I’m going to start crafting reviews again with Avery simple premise: brutal honesty.
Dining out in Australia is expensive. The service is universally poor to average. And generally the attention to detail missing. I’m not talking about your run of the mill local diner here. I’m talking about places with $20 starters, $35-40 mains and wine lists with extreme inflation and little elasticity. I’m talking about $120 to $150 min per person.
It’s also critical I think to rate relative to other establishments in its class and the overall service promise. In short, you should be getting what you are paying for an then some.
Roberts is in the Hunter Valley – it’s the opposite of the modernist dining scene and one such place. More River cottage with a modern menu. It’s quick to market itself as the high-end of the high-end. The food is good. Not great. Just good. And with flaws.
My ocean sea trout was full of bones. A Pea Velouté lacked enough soup or seasoning. The soufflé was clearly pre-made and dry as a bone – the chocolate burnt. The macaroons equally stale.
Service errors abounded. No sparkling water – they’d sold out. What? They had three Sav Blancs on the menu – the most economical of which was sold out at $50 a bottle leaving its two neighbors at $80 and $105. I don’t mind tap water, but filter it. Don’t forget the vegetables due with the mains. Or the post dinner tea. Bring a spoon with Velouté.
They kindly offered complimentary deserts to make up for a messy meal service and the lost veges — but barely got that right.
Basic stuff. Such expectation is created by the restauranteur. It’s time the people delivering the service and cooking the food closed the gap.
Earlier in the day we enjoyed lunch at The Verandah – enjoyable tapas and creative cooking. Great stopping-off point if you are out and about in the Valley.
Cafe Enzo proved great for breakfast. Terrific breakfast board and creative twists – cheeses and pesto, for instance. Campos coffee – Yum. Good service. What’s not to like. $130 for four was a bit steep but we did get lots and it was well presented.
Roberts: Fine Dining: 2.5 out of 5
The Verandah: Brasserie: 3.5 out of 5
Cafe Enzo: Cafe: 4 out of 5
Lets be clear. PCs are not iPads. iPads are not PCs. iPads are not TVs. TVs are not iPads. Smartphones are not iPads. iPads are not smartphones.
So why do people get them confused? Simply they assume one is canabilzing the other so they are the same. I’ve yet to meet a single person, A SINGLE PERSON, that doesn’t have a PC running somewhere. Many are planning to upgrade or change their PC. Truth is, I would expect to see PCs and iPads roughly equal in shipments.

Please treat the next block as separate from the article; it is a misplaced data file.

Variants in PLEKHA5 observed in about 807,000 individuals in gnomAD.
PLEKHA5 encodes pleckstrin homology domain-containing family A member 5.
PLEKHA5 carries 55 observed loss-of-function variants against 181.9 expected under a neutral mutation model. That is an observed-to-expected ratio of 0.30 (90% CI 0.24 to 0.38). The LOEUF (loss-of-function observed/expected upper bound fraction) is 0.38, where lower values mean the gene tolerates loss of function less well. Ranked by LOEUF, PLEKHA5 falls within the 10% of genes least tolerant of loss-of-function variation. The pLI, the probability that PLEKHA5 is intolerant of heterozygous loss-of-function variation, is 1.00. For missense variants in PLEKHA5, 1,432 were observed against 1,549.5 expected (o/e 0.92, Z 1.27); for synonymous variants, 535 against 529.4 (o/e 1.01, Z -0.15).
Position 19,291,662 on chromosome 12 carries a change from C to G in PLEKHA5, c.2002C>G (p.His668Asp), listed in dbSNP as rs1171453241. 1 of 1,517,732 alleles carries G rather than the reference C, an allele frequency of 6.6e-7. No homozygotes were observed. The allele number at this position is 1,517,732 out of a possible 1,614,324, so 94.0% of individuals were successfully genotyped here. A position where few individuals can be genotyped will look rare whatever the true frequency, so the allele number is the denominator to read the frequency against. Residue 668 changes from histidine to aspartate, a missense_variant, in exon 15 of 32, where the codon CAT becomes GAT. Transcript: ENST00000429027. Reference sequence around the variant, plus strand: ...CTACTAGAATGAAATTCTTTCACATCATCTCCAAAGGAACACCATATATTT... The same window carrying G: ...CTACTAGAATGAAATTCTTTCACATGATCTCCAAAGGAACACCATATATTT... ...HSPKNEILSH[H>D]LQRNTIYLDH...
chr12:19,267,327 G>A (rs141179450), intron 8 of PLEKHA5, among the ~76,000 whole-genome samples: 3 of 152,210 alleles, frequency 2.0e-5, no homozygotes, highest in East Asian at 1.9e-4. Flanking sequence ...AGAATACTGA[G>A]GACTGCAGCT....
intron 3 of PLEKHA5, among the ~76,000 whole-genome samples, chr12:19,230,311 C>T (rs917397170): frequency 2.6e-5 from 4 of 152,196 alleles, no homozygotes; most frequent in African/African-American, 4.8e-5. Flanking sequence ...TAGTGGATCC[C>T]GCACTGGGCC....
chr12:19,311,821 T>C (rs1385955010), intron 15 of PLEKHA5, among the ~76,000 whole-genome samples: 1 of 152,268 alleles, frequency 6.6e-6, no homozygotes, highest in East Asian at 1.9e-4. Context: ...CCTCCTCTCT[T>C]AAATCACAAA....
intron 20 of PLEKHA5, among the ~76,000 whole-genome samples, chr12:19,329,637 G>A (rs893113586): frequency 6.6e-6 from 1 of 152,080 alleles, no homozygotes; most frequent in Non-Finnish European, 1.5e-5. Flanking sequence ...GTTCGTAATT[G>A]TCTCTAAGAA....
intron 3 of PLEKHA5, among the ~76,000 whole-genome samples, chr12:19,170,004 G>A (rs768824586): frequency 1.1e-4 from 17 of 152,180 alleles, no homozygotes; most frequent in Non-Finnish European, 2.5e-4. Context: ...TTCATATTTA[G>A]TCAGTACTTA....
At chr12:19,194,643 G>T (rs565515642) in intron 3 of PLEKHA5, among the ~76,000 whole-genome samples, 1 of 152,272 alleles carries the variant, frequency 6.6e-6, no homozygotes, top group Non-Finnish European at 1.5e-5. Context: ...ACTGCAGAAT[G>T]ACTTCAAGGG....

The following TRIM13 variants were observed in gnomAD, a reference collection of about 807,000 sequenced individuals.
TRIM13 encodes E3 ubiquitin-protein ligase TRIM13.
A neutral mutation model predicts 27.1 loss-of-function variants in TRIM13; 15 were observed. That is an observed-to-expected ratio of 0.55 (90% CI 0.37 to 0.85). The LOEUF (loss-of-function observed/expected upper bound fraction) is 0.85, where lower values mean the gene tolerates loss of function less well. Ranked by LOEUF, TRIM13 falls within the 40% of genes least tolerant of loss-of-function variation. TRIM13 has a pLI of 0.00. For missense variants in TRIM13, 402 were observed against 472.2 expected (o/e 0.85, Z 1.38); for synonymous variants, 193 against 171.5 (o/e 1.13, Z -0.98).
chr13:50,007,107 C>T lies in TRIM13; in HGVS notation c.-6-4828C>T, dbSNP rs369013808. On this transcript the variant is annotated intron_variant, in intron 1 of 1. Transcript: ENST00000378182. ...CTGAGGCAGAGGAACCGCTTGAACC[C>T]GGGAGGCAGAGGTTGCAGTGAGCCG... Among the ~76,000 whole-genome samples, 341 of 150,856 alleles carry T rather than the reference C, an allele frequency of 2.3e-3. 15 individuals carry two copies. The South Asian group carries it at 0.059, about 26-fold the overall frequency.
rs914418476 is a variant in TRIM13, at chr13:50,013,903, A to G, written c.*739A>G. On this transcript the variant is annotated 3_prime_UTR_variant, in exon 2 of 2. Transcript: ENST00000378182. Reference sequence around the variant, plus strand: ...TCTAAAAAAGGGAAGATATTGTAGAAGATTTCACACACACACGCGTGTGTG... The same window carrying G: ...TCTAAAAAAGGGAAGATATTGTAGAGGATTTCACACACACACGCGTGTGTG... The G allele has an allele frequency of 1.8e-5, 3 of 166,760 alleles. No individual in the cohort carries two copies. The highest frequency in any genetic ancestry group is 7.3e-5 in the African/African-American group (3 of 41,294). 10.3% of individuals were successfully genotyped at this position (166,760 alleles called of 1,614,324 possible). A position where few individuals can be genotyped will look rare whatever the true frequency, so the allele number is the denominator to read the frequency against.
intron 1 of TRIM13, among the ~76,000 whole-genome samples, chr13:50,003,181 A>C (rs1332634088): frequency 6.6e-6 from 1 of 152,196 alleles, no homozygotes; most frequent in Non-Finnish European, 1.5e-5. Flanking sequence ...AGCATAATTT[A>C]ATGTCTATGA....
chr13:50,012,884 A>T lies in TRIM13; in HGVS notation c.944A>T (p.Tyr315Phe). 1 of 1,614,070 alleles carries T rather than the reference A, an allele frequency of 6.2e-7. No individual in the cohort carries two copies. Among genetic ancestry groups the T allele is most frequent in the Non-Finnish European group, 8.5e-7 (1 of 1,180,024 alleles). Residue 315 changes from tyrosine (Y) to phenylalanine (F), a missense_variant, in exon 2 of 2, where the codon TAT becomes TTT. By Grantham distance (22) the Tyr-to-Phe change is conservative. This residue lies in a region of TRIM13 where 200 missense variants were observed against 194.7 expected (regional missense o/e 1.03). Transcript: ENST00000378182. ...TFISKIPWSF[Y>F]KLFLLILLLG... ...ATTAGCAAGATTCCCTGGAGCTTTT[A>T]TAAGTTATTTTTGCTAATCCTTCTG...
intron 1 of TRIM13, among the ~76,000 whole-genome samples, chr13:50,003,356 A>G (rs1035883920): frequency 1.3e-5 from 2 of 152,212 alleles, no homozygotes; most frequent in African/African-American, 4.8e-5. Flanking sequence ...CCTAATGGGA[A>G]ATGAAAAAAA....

Funny thing is, I’ve chatted to plenty of people that watch and read more on their iPad and as a result aren’t investing in new TVs, home phones, books etc. That seems too hard to analyze and talk about so the PC gets a good lod fashioned analyst bashing.
They are wrong. PC are sales aren’t suffering as a result of the iPad. They are suffering because of:
- Lousy design innovation
- Poor customer experience
- Lousy connectivity and networking
- The Microsoft / Intel duopoly funding the industry has come unstuck
- Neither Microsoft or Intel have sufficiently innovated
- Lack of new and compelling apps driving upgrades
Where this isn’t happening – PC gaming for instance — the market is vibrant. I’m banking on the PC industry waking up, throwing out a generation of product line management that got it wrong and blazing a new path. That might be asking too much.
First it was the new Mailbox app with their silly counter that will one day tell you when you can use the product. Now it is Tempoai with their daft calendar app that you download only to be told they aren’t taking new accounts right now.
To Apple, stop the idiocy and take them out of the store. Why let your customers download products they can’t use. We actually pay for bandwidth. In Australia, we REALLY pay for bandwidth.
Imagine going to Amazon, downloading a book. Being greeted with blank pages and a message saying “due to the complexity of writing a book we will be releasing it one word at a time – we would hate for the book to crash”… or, sorry, “we aren’t accepting new readers right now”.
OMG, what a great idea… I get the analogy doesn’t work totally but you get the idea. Free doesn’t actually mean free to the user. Wake up developers. You are wasting the scarecist resource on earth. Attention.
Ever wondered why you need a blog? A twitter feed? A community to spread the news via links and reposts?
Well, look no futher than the Tesla vs. NYTimes scrap. Who knows who is right or who is wrong. But what is important is they both have the power to tell their story. Power comes from two sources.
First, reach. Tesla’s CEO – Elon Musk – has more than 130,000 Twitter followers. NYTimes clearly has many. There is a difference between power and truth. The NYTimes no longer exclusively represents “truth”. That right is now with us. As Dan says, the balance of power has shifted.
Second, and more importantly, is authenticity. Any business needs to build a capability to communicate authentically (read, without PR drivel and corporate speak). And Tesla is doing it well.
Beneath this is a broader and critical implication for all of us in business. How we listen has changed. Once you’d graze the NYTimes and pass the news on at the cooler. Now the news unfolds dynmically in our feeds and aggregators – every story lives in a way that is so much more dynamic than anything we have ever seen.
Brands are now not just publishers byt drivers of the news dynamic. They get to nudge the story along, set it on fire – sometimes, they get to kill it dead. They might not be telling the truth, but they have the power to tell their story — or at least their side of it — like never before. Is your brand ready?